This is one of a series of articles published in The Peak Advertiser, the Peak District's local free newspaper, on 23rd September 2002 (p.16), and reproduced by kind permission of its author, Julie Bunting.

The series is now available as a fully-illustrated paperback, published in 2006 by Wildtrack Publishing of Sheffield (ISBN 1-904098-01-0)


A stream which rises just south of Wirksworth is the infant River Ecclesbourne, the 'eccles' element of its name believed in fact to refer to the nearby parish church.

The course of the river came to be followed by the Wirksworth to Duffield branch of the Midland Railway, giving access to the main line stations as well as bringing passengers into Wirksworth, especially on market days.

The route through the Ecclesbourne valley is quite beautiful, passing between low rolling hills scattered with spinneys and copses. In the late nineteenth century charcoal burners could be seen at work from the train, whilst another rural industry was carried out beside the river until at least seventy years ago. This was known as clog block cutting and it took place in summertime where alder trees grew thickly along the river banks.

Alder is soft to work with but extremely hard-wearing and even after repeated wetting does not warp. For that reason it used to be popular in Derbyshire for platters, but was chiefly felled for clogs. Alder wood changes from white to red when cut, but by the time it is worked has faded to a pale yellow.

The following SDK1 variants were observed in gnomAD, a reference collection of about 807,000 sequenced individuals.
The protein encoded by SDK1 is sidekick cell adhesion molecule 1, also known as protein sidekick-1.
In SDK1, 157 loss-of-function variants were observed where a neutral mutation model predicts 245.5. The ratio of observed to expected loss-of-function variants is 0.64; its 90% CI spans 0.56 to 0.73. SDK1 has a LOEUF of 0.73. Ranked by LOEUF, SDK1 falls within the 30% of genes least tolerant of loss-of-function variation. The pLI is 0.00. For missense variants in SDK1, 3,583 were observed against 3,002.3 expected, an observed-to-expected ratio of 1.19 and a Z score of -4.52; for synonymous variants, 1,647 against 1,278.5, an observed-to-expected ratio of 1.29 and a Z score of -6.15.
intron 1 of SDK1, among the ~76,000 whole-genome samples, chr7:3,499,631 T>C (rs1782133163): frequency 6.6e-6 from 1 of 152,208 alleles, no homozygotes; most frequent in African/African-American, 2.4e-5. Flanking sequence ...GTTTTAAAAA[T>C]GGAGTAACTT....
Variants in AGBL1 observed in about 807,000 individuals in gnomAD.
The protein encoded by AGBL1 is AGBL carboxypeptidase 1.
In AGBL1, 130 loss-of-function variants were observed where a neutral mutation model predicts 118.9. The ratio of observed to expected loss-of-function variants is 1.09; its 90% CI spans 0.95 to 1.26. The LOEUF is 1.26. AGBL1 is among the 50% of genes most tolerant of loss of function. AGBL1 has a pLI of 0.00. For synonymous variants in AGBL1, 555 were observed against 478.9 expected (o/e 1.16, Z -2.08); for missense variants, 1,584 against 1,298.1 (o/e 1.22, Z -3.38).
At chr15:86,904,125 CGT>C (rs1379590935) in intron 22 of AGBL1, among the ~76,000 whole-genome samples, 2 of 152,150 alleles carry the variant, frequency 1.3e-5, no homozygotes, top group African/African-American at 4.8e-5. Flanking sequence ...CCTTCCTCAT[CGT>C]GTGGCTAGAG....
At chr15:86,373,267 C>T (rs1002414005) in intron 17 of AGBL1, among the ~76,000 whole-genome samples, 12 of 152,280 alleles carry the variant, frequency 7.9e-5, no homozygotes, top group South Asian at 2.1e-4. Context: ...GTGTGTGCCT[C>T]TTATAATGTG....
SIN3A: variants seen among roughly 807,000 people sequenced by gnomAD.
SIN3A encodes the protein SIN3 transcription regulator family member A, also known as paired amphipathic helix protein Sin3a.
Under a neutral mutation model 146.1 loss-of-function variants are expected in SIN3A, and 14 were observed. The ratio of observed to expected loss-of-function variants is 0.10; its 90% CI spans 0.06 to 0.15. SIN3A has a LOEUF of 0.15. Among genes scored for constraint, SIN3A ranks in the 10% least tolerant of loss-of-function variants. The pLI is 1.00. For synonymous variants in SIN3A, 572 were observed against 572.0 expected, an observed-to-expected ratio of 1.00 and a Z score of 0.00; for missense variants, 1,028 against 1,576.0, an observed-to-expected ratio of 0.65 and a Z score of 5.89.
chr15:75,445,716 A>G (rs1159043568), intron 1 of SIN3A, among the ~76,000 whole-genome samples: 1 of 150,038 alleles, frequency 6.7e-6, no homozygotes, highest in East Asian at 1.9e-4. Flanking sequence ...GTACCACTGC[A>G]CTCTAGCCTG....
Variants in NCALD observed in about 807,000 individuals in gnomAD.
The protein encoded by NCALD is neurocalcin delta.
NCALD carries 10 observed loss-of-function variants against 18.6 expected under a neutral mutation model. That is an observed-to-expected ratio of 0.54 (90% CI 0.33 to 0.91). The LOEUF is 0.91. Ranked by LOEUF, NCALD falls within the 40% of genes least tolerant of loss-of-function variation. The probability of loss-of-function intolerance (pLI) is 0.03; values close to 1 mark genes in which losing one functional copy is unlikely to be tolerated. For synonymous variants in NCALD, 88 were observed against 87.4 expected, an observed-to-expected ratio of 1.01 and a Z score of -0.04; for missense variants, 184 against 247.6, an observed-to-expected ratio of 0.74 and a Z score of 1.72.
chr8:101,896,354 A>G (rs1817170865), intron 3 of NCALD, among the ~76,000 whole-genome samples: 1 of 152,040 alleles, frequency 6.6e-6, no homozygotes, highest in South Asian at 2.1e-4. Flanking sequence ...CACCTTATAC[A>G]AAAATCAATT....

Aspen was a good alternative wood, both light and durable, but was always less abundant then alder. In the reign of Henry V, supplies of aspen were reserved for making arrow-shafts: those who turned it into clogs or pattens risked a penalty of one hundred shillings.


Clog block cutters worked out in the open, under a tarpaulin hung from four posts in wet weather, using yellow wood-shavings when they needed a fire. They sawed the alder wood into short logs, before splitting them lengthways into rough blocks. Then, using a tool like a scythe blade, with a handle at one end whilst the other end turned on a swivel joint fixed to a crude bench, the men trimmed the pieces into uniform 'clog blocks' These were mostly about 14" by 4" and 8" by 3" from which a wide range of sizes could be shaped.

Finished clog blocks were sent in sacks to the clog-makers, mostly to the mill towns of Lancashire and Yorkshire, although earlier this century clog and pattern factories were also to be found at Glossop, Chapel en le Frith, Chesterfield and Derby. There the blocks were rounded off, shaped into soles with a hollow on the top surface for the ball of the foot, and fitted with a leather upper.

Back in places like the Ecclesbourne valley, the clog block cutters were already planning a year, or perhaps two, ahead, felling the most mature alder trees so that they could be left to season. By late autumn the men had left, the cycle of their toil seen in piles of yellow shavings and freshly-cut, bright red tree holes, until one year when it was not worth coming back, for nobody was buying clogs anymore.

© Julie Bunting
From "The Peak Advertiser", 23rd September 2002.

Articles by Julie Bunting are reproduced with her kind permission.

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